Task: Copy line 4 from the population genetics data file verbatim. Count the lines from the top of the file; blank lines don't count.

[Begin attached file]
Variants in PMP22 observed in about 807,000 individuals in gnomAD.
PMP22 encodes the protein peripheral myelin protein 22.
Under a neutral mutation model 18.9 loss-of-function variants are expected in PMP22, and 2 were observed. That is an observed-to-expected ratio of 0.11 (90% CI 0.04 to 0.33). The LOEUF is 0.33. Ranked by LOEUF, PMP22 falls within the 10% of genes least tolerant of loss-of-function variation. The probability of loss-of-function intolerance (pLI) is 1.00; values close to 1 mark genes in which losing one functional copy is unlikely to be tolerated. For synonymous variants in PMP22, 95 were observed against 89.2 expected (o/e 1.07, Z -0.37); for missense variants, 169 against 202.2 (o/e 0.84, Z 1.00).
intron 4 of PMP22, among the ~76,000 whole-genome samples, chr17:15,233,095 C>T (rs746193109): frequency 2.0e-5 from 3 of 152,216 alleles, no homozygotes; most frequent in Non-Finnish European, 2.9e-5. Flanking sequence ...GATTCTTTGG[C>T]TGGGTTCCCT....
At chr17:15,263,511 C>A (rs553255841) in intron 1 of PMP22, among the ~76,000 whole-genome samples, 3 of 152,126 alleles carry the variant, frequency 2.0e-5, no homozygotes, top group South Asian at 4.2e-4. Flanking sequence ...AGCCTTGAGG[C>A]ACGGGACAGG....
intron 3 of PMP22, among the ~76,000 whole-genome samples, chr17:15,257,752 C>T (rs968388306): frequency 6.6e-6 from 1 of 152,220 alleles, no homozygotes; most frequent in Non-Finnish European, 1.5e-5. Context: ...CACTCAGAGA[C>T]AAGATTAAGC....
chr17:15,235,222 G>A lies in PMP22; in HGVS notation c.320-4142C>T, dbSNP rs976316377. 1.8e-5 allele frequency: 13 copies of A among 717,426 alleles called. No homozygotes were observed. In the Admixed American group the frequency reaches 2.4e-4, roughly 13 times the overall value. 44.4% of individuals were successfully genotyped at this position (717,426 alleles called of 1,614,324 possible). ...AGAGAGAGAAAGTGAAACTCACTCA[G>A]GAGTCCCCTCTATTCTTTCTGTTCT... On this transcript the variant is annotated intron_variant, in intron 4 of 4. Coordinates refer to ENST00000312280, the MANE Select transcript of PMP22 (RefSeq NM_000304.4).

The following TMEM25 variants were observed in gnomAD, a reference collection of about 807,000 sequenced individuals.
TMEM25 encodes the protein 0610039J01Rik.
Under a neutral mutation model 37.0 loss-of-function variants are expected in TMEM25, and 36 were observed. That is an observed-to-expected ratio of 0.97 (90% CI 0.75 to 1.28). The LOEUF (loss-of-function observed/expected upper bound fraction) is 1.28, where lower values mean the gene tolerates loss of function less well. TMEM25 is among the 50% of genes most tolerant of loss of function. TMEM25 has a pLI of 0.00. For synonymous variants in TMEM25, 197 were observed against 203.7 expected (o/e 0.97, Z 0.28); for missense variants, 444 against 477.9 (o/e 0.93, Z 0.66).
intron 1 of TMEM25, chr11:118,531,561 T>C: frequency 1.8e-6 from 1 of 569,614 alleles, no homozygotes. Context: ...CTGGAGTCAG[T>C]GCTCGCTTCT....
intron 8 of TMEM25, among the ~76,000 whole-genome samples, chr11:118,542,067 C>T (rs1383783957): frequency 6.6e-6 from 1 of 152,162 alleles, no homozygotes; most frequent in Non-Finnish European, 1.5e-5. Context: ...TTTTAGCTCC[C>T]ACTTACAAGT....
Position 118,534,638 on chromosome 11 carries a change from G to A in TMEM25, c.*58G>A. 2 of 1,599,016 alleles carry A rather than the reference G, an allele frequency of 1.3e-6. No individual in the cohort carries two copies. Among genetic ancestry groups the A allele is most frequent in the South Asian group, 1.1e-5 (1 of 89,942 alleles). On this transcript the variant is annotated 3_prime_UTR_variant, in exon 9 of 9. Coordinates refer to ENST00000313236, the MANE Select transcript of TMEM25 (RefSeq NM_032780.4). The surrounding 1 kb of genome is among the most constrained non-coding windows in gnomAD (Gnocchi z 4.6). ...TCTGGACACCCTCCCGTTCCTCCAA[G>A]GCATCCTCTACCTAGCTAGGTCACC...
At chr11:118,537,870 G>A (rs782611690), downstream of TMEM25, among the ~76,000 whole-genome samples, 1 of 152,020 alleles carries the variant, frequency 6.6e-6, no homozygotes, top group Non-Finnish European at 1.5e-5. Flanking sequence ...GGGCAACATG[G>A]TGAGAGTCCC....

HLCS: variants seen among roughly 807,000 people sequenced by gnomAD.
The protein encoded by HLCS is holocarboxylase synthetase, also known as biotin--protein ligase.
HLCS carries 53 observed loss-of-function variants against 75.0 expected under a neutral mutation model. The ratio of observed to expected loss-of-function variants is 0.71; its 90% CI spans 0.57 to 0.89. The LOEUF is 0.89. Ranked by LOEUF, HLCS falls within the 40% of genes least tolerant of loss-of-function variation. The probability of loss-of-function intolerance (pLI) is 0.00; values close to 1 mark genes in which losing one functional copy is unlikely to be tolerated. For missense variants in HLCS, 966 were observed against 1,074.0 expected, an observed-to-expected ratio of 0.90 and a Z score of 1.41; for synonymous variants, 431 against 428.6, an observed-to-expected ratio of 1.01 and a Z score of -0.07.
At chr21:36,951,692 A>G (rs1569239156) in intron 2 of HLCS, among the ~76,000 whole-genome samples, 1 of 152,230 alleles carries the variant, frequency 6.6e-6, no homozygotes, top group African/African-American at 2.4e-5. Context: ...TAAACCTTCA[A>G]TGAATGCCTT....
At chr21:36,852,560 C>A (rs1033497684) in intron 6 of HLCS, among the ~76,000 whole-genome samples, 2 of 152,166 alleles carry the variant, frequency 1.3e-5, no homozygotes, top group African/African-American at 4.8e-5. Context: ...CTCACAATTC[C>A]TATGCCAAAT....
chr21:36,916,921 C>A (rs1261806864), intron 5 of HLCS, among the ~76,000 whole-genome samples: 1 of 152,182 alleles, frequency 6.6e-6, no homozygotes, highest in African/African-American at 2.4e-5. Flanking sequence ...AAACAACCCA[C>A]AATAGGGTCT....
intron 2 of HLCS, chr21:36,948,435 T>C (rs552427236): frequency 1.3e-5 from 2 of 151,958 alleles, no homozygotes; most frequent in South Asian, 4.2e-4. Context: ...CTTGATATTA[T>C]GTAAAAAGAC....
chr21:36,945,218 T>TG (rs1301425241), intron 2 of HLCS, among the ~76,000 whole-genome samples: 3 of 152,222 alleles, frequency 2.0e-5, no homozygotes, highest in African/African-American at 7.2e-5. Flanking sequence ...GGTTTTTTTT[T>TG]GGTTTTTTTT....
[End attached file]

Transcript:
intron 4 of PMP22, among the ~76,000 whole-genome samples, chr17:15,233,095 C>T (rs746193109): frequency 2.0e-5 from 3 of 152,216 alleles, no homozygotes; most frequent in Non-Finnish European, 2.9e-5. Flanking sequence ...GATTCTTTGG[C>T]TGGGTTCCCT....